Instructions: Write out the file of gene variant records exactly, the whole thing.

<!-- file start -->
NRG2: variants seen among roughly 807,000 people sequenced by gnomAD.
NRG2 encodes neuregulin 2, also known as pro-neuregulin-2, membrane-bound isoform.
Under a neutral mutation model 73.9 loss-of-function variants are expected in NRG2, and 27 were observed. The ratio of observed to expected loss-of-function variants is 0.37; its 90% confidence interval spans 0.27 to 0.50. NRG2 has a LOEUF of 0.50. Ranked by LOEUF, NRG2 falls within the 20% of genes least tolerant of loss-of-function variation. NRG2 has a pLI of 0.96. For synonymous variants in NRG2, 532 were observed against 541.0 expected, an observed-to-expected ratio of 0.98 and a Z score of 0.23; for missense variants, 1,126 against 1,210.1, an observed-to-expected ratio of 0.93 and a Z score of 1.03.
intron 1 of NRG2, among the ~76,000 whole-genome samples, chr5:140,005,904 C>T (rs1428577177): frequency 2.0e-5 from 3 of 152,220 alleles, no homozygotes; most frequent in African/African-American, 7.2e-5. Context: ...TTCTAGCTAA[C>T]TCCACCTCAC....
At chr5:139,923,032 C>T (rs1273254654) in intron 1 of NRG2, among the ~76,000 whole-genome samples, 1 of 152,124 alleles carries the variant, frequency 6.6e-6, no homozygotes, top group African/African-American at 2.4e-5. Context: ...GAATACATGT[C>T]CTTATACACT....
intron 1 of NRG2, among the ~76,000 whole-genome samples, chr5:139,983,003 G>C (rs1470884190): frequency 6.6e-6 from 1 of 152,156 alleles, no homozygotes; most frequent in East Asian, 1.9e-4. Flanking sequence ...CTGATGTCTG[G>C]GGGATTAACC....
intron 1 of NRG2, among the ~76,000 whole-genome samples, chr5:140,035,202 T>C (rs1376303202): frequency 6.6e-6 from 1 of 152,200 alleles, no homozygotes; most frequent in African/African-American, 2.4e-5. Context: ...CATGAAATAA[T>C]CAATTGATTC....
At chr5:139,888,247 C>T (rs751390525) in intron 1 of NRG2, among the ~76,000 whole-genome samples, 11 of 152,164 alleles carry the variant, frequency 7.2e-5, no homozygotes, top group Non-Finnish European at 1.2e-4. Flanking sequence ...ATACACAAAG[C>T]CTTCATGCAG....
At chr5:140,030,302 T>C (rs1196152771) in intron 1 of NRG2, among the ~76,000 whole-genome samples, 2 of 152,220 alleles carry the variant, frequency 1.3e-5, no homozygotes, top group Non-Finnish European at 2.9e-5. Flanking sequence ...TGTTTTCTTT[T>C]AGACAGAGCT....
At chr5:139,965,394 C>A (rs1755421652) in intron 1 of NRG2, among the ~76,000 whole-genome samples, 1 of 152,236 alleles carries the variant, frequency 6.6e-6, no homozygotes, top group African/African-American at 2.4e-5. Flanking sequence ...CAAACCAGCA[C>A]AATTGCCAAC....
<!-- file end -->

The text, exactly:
NRG2: variants seen among roughly 807,000 people sequenced by gnomAD.
NRG2 encodes neuregulin 2, also known as pro-neuregulin-2, membrane-bound isoform.
Under a neutral mutation model 73.9 loss-of-function variants are expected in NRG2, and 27 were observed. The ratio of observed to expected loss-of-function variants is 0.37; its 90% confidence interval spans 0.27 to 0.50. NRG2 has a LOEUF of 0.50. Ranked by LOEUF, NRG2 falls within the 20% of genes least tolerant of loss-of-function variation. NRG2 has a pLI of 0.96. For synonymous variants in NRG2, 532 were observed against 541.0 expected, an observed-to-expected ratio of 0.98 and a Z score of 0.23; for missense variants, 1,126 against 1,210.1, an observed-to-expected ratio of 0.93 and a Z score of 1.03.
intron 1 of NRG2, among the ~76,000 whole-genome samples, chr5:140,005,904 C>T (rs1428577177): frequency 2.0e-5 from 3 of 152,220 alleles, no homozygotes; most frequent in African/African-American, 7.2e-5. Context: ...TTCTAGCTAA[C>T]TCCACCTCAC....
At chr5:139,923,032 C>T (rs1273254654) in intron 1 of NRG2, among the ~76,000 whole-genome samples, 1 of 152,124 alleles carries the variant, frequency 6.6e-6, no homozygotes, top group African/African-American at 2.4e-5. Context: ...GAATACATGT[C>T]CTTATACACT....
intron 1 of NRG2, among the ~76,000 whole-genome samples, chr5:139,983,003 G>C (rs1470884190): frequency 6.6e-6 from 1 of 152,156 alleles, no homozygotes; most frequent in East Asian, 1.9e-4. Flanking sequence ...CTGATGTCTG[G>C]GGGATTAACC....
intron 1 of NRG2, among the ~76,000 whole-genome samples, chr5:140,035,202 T>C (rs1376303202): frequency 6.6e-6 from 1 of 152,200 alleles, no homozygotes; most frequent in African/African-American, 2.4e-5. Context: ...CATGAAATAA[T>C]CAATTGATTC....
At chr5:139,888,247 C>T (rs751390525) in intron 1 of NRG2, among the ~76,000 whole-genome samples, 11 of 152,164 alleles carry the variant, frequency 7.2e-5, no homozygotes, top group Non-Finnish European at 1.2e-4. Flanking sequence ...ATACACAAAG[C>T]CTTCATGCAG....
At chr5:140,030,302 T>C (rs1196152771) in intron 1 of NRG2, among the ~76,000 whole-genome samples, 2 of 152,220 alleles carry the variant, frequency 1.3e-5, no homozygotes, top group Non-Finnish European at 2.9e-5. Flanking sequence ...TGTTTTCTTT[T>C]AGACAGAGCT....
At chr5:139,965,394 C>A (rs1755421652) in intron 1 of NRG2, among the ~76,000 whole-genome samples, 1 of 152,236 alleles carries the variant, frequency 6.6e-6, no homozygotes, top group African/African-American at 2.4e-5. Flanking sequence ...CAAACCAGCA[C>A]AATTGCCAAC....